I don’t usually let jewelry order me around, but when I saw Claudio Pino’s rings, I had to – in a moment of “Wayne’s World” insanity – bow down and say “I’m not worthy, I’m not worthy!” Like a frenzied groupie following a band, I even had the crazy notion to go to Canada and study with The Master himself!
Now, Claudio is probably really glad I didn’t turn up on his doorstep but all hyperboly aside, he makes some of the most exciting rings I have ever seen. Technically, Claudio harnesses the workhorses of the fine jewelry industry in his pieces: sterling silver, gold, faceted colored gems, soldering, riveting, polishing. When directed by a truly innovative, even radical driver, this team creates something altogether new.
In French, the term for Claudio’s rings might be sculpture portable – literally portable sculpture. Part wonderful machine, part exquisite fine jewelry and altogether explorations of form and function, they certainly push the envelope of what a ring is, and does.
Rings are my favorite style of jewelry, even though they are disdained by many jewelers as being the most limiting of forms. No way, I say. Following in the footsteps of Rachel Gera and Bjorn Lapponia in my love of huge “statement” rings, I say the wilder the better. And thus my admiration for Claudio’s creations.
In an article published in Modern Silver Magazine, I talk philosophically about jewelry in general and the magic of the ring in particular. It’s perhaps the most powerful piece of jewelry a person can own. I use Tolkien’s novel The Lord of the Rings as an example of a work that celebrates the power of a ring; in the trilogy, not only does “the ring” galvanize a whole host of peoples and ideologies, it literally transforms those who own it. Or, in a more quotidian example, a wedding ring transforms the wearer from a fiancé or fiancée to a husband or wife.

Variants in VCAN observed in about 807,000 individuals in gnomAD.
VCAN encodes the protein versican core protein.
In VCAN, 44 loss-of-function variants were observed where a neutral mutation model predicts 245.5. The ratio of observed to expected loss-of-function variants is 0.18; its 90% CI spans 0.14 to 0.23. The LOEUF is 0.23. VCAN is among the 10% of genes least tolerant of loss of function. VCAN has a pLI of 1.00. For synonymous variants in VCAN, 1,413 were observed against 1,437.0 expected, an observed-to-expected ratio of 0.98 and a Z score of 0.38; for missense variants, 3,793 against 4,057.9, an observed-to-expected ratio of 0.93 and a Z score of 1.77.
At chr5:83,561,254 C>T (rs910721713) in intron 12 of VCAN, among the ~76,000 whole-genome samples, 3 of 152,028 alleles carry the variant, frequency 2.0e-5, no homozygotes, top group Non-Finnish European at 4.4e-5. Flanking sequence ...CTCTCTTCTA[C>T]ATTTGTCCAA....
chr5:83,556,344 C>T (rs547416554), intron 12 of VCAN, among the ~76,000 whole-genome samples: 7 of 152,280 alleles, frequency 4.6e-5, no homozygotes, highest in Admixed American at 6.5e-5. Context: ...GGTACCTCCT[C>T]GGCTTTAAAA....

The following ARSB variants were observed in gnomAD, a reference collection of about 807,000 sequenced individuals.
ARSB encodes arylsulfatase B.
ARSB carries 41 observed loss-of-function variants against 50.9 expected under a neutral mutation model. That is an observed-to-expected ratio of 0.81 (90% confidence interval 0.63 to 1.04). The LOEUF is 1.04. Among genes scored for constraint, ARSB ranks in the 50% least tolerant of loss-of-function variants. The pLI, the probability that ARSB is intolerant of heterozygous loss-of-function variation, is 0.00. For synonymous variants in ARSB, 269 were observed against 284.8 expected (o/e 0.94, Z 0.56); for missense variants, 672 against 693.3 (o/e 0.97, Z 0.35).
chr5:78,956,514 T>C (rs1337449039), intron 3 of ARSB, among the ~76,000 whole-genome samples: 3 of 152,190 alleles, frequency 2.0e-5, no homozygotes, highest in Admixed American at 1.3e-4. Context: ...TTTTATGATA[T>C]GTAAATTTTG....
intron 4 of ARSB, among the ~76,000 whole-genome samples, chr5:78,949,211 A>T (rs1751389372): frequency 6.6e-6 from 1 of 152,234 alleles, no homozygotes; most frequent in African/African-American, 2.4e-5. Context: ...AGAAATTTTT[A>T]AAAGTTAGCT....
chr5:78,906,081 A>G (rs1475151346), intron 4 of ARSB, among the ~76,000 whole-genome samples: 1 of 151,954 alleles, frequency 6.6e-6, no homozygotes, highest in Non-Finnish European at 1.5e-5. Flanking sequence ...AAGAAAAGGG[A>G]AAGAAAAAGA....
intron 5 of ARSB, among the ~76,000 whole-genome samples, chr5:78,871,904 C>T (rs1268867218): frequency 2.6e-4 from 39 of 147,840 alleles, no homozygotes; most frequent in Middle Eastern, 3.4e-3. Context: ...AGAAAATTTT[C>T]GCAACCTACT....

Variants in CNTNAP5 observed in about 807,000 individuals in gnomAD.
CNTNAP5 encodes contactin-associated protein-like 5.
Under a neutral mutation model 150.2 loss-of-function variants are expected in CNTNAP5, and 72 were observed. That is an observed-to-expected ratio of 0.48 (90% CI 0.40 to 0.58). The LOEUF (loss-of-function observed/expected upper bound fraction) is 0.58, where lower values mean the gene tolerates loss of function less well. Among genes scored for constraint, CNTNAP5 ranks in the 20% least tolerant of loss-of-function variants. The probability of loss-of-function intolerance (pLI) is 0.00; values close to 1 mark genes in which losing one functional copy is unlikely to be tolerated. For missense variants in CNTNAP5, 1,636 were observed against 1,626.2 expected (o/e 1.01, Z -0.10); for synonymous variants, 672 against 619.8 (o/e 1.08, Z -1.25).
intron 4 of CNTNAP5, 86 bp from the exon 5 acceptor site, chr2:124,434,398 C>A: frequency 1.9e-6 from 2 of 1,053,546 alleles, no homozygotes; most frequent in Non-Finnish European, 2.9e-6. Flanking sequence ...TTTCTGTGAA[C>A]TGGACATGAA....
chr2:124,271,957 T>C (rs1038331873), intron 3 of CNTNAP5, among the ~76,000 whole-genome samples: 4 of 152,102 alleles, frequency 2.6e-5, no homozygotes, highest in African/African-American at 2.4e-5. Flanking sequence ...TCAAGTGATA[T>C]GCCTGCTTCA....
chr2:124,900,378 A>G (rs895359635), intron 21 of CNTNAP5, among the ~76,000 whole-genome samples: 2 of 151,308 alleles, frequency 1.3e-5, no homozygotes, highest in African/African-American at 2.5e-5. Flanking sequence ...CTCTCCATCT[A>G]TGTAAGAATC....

And now back to Claudio’s rings. The modest tagline on his website states his jewelry is: “a continuous search of innovation and elegance.” That’s perhaps the understatement of the century! Sure, it also mentions his awards, the galleries that represent him (truly the best of the best), and the books he’s in (Lark’s 1000 Rings, to name just one), but the jeweler himself is quiet.
I had to look deeper to find out about the jeweler himself, and most telling is Claudio’s description about his creative practice as quoted in an article in The Toronto Star. He says: “When I draw my design, I always have in mind that one day, it will find its owner and create a special relationship with it.” The idea that a piece of jewelry is alive, has intentionality and potentiality resonates with me. At its best, jewelry is not just a form of adornment, but transforms its wearer and simultaneously is transformed by it – it’s the Hegelian dialectic, a search for synthesis, the finding of truth.
I could talk on and on about the technical wizardry of Claudio’s rings; the exquisite sensitivity to scale; the luminous quality of his color choices, the quirkiness of the angles and sophistication of kinesis…and just how freakin’ cool they are! But I will not. I will end with something poetic, something simple. Because at heart, Claudio’s rings are poetic, and despite the complexity of movement, are born of a method uncomplicated and beautiful.
A French article celebrating Claudio’s work states: “Above all other artists [in this exhibition, Pino is] fascinated by movement, celestial bodies and space.” This reminds me of the poet Paul Eluard’s famous line: “I have so many excellent reasons to walk this pathless earth beneath this horizonless sky.”
Claudio, let us walk beside you.